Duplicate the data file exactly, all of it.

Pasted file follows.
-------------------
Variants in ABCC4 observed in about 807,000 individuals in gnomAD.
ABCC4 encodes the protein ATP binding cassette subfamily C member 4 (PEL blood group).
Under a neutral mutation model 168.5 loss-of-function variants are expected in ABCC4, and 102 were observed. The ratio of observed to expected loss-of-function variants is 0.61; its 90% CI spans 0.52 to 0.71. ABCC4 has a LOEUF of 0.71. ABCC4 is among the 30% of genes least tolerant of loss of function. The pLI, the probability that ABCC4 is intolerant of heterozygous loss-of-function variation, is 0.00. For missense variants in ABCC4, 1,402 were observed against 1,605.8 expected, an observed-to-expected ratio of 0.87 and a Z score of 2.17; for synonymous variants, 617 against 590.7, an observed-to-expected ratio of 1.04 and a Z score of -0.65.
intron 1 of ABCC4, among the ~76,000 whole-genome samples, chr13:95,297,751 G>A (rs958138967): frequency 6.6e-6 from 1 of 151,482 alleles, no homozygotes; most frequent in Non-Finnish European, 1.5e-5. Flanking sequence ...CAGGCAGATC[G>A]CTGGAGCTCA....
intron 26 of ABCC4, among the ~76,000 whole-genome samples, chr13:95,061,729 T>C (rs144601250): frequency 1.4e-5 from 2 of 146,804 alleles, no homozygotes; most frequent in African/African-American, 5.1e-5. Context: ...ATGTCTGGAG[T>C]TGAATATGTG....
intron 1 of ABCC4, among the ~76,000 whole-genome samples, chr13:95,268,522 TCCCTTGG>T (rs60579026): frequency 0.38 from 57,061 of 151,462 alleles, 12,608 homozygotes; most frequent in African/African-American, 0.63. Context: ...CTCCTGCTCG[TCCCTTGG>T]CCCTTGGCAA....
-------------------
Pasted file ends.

Variants in ABCC4 observed in about 807,000 individuals in gnomAD.
ABCC4 encodes the protein ATP binding cassette subfamily C member 4 (PEL blood group).
Under a neutral mutation model 168.5 loss-of-function variants are expected in ABCC4, and 102 were observed. The ratio of observed to expected loss-of-function variants is 0.61; its 90% CI spans 0.52 to 0.71. ABCC4 has a LOEUF of 0.71. ABCC4 is among the 30% of genes least tolerant of loss of function. The pLI, the probability that ABCC4 is intolerant of heterozygous loss-of-function variation, is 0.00. For missense variants in ABCC4, 1,402 were observed against 1,605.8 expected, an observed-to-expected ratio of 0.87 and a Z score of 2.17; for synonymous variants, 617 against 590.7, an observed-to-expected ratio of 1.04 and a Z score of -0.65.
intron 1 of ABCC4, among the ~76,000 whole-genome samples, chr13:95,297,751 G>A (rs958138967): frequency 6.6e-6 from 1 of 151,482 alleles, no homozygotes; most frequent in Non-Finnish European, 1.5e-5. Flanking sequence ...CAGGCAGATC[G>A]CTGGAGCTCA....
intron 26 of ABCC4, among the ~76,000 whole-genome samples, chr13:95,061,729 T>C (rs144601250): frequency 1.4e-5 from 2 of 146,804 alleles, no homozygotes; most frequent in African/African-American, 5.1e-5. Context: ...ATGTCTGGAG[T>C]TGAATATGTG....
intron 1 of ABCC4, among the ~76,000 whole-genome samples, chr13:95,268,522 TCCCTTGG>T (rs60579026): frequency 0.38 from 57,061 of 151,462 alleles, 12,608 homozygotes; most frequent in African/African-American, 0.63. Context: ...CTCCTGCTCG[TCCCTTGG>T]CCCTTGGCAA....